Cropping Systems and Soil Fertility
Cropping Systems and Soil Fertility
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Cropping Systems and Soil Fertility
Cropping Systems and Soil Fertility
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Cropping Systems and Soil Fertility
Cropping Systems and Soil Fertility
Cropping Systems and Soil Fertility
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Cropping Systems and Soil Fertility
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Cropping Systems and Soil Fertility
Cropping Systems and Soil Fertility
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Cropping Systems and Soil Fertility
Cropping Systems and Soil Fertility
Cropping Systems and Soil Fertility
Cropping Systems and Soil Fertility
Cropping Systems and Soil Fertility
Cropping Systems and Soil Fertility
Cropping Systems and Soil Fertility
Cropping Systems and Soil Fertility
Cropping Systems and Soil Fertility
Cropping Systems and Soil Fertility
Cropping Systems and Soil Fertility
Cropping Systems and Soil Fertility
Cropping Systems and Soil Fertility
Cropping Systems and Soil Fertility
Cropping Systems and Soil Fertility
Cropping Systems and Soil Fertility
Cropping Systems and Soil Fertility
Cropping Systems and Soil Fertility
Cropping Systems and Soil Fertility
Cropping Systems and Soil Fertility
Cropping Systems and Soil Fertility
Cropping Systems and Soil Fertility
Cropping Systems and Soil Fertility
Cropping Systems and Soil Fertility
Cropping Systems and Soil Fertility
Cropping Systems and Soil Fertility
Cropping Systems and Soil Fertility
Cropping Systems and Soil Fertility
Cropping Systems and Soil Fertility
Cropping Systems and Soil Fertility
Cropping Systems and Soil Fertility
Cropping Systems and Soil Fertility
Cropping Systems and Soil Fertility
Cropping Systems and Soil Fertility
Cropping Systems and Soil Fertility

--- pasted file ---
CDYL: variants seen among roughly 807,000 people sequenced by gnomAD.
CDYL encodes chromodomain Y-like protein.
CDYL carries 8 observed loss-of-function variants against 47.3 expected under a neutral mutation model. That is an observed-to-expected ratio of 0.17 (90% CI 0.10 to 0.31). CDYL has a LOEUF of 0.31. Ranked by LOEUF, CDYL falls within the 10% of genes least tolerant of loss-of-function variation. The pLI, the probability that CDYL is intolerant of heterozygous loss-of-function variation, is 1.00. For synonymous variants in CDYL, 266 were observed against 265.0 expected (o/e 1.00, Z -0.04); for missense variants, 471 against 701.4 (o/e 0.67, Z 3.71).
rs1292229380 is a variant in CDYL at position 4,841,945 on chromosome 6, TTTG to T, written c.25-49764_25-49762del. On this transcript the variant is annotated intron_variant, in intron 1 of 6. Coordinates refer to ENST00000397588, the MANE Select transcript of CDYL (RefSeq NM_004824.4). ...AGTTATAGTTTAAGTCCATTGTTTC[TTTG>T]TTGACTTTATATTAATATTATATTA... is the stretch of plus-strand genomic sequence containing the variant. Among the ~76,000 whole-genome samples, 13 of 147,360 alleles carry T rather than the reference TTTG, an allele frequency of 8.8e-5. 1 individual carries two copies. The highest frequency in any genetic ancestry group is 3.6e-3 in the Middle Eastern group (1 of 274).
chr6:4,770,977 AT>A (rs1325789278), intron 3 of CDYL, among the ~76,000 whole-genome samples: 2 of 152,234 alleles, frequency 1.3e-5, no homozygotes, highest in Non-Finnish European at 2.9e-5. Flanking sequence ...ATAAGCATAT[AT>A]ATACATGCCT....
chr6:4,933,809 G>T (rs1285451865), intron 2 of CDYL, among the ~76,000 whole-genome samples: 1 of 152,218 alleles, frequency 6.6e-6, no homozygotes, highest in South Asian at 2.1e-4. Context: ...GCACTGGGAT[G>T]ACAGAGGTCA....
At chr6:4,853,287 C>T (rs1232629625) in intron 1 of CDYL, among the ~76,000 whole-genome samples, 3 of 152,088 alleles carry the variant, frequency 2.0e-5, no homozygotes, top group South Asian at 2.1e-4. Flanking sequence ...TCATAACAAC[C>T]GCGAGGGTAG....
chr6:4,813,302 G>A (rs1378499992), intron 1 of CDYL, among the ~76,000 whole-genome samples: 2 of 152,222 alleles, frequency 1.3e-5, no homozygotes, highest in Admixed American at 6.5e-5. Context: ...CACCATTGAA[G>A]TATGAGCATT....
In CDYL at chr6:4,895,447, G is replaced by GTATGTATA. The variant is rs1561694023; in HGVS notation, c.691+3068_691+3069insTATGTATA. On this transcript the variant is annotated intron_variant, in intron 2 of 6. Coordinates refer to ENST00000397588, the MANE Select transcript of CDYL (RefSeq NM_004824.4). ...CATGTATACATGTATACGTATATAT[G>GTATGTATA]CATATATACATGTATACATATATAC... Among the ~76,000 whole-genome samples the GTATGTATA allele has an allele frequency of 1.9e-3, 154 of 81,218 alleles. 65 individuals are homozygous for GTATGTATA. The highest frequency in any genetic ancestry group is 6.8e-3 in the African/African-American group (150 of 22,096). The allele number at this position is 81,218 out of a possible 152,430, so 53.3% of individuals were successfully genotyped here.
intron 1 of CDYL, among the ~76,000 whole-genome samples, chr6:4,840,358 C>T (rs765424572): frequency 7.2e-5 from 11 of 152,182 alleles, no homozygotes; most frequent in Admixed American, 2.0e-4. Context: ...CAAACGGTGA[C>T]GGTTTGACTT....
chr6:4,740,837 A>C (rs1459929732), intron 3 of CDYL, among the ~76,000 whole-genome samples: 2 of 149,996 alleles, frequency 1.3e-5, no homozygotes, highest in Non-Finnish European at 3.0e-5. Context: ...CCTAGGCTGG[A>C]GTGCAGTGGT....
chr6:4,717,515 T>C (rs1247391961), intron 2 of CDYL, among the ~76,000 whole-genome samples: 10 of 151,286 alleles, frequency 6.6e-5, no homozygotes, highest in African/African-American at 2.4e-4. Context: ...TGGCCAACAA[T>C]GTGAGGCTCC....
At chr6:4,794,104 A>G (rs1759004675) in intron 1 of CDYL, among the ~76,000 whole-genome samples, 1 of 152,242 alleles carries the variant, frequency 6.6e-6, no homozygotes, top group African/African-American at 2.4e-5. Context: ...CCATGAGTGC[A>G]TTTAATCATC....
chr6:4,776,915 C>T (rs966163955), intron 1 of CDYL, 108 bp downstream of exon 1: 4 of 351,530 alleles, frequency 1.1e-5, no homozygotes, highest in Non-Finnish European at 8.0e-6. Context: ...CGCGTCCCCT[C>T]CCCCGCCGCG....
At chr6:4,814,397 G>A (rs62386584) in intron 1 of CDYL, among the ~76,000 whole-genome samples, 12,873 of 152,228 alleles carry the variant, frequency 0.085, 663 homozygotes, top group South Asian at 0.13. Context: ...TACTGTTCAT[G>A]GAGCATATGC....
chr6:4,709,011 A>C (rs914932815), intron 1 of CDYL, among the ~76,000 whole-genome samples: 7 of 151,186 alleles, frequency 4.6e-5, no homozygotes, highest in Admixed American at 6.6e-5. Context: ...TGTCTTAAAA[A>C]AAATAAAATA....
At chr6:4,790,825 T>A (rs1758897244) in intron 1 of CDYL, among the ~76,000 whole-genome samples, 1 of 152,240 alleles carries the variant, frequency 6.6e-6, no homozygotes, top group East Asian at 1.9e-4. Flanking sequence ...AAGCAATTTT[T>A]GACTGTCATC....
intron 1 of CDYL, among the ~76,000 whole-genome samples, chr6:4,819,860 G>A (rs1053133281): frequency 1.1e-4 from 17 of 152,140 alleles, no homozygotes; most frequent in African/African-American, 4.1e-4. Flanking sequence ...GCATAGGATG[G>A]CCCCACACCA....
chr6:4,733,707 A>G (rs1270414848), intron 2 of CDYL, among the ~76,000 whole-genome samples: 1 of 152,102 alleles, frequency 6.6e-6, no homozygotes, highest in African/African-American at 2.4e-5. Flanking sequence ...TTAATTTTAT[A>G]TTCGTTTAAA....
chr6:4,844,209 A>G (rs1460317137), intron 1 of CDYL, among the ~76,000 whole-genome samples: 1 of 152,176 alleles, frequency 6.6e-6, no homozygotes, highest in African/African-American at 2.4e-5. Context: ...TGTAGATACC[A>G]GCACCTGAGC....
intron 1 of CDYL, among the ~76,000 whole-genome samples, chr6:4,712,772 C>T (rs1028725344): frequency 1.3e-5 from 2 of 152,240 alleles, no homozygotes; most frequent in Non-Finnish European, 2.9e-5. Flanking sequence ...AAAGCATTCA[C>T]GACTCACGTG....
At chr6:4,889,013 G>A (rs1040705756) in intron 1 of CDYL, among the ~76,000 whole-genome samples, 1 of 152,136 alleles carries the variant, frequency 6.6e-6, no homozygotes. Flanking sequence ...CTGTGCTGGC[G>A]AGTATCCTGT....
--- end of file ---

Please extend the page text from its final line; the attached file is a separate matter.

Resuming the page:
Cropping Systems and Soil Fertility
Cropping Systems and Soil Fertility
Cropping Systems and Soil Fertility
Cropping Systems and Soil Fertility
Cropping Systems and Soil Fertility
Cropping Systems and Soil Fertility
Cropping Systems and Soil Fertility
Cropping Systems and Soil Fertility
Cropping Systems and Soil Fertility
Cropping Systems and Soil Fertility
Cropping Systems and Soil Fertility
Cropping Systems and Soil Fertility
Cropping Systems and Soil Fertility
Cropping Systems and Soil Fertility
Cropping Systems and Soil Fertility
Cropping Systems and Soil Fertility
Cropping Systems and Soil Fertility
Cropping Systems and Soil Fertility
Cropping Systems and Soil Fertility
Cropping Systems and Soil Fertility
Cropping Systems and Soil Fertility
Cropping Systems and Soil Fertility
Cropping Systems and Soil Fertility
Cropping Systems and Soil Fertility
Cropping Systems and Soil Fertility
Cropping Systems and Soil Fertility
Cropping Systems and Soil Fertility
Cropping Systems and Soil Fertility
Cropping Systems and Soil Fertility
Cropping Systems and Soil Fertility
Cropping Systems and Soil Fertility
Cropping Systems and Soil Fertility
Cropping Systems and Soil Fertility
Cropping Systems and Soil Fertility
Cropping Systems and Soil Fertility
Cropping Systems and Soil Fertility
Cropping Systems and Soil Fertility
Cropping Systems and Soil Fertility
Cropping Systems and Soil Fertility
Cropping Systems and Soil Fertility
Cropping Systems and Soil Fertility
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  1. 1. Greenbook 2001 Landscapes Sustaining Agricultural L andscapes !"#$%& (") *+,-(."(/0#1%$.2+0-+$# 3$4%$(5 Minnesota Department of Agriculture 90 West Plato Boulevard St. Paul, Minnesota 55107 651-296-7673 !"#$%&( s )*+,-.$/%01%23$%4#$561%7#/%8"927-#70.$%:65-;".2"5$%<5*657+%827==>#%7;;*5/7#;$%?-23%23$%:+$5-;7#9%@-23%A-970-.-2-$9%:;2B%7#%7.2$5#72-C$%=*5+%*=%;*++"#-;72-*#%-9%7C7-.70.$%",*#%5$D"$92E FFGH% (IJIK&LIMN&O F3$%P-##$9*27%A$,752+$#2%*=%:65-;".2"5$%-9%7#%$D"7.%*,,*52"#-21%$+,.*1$5E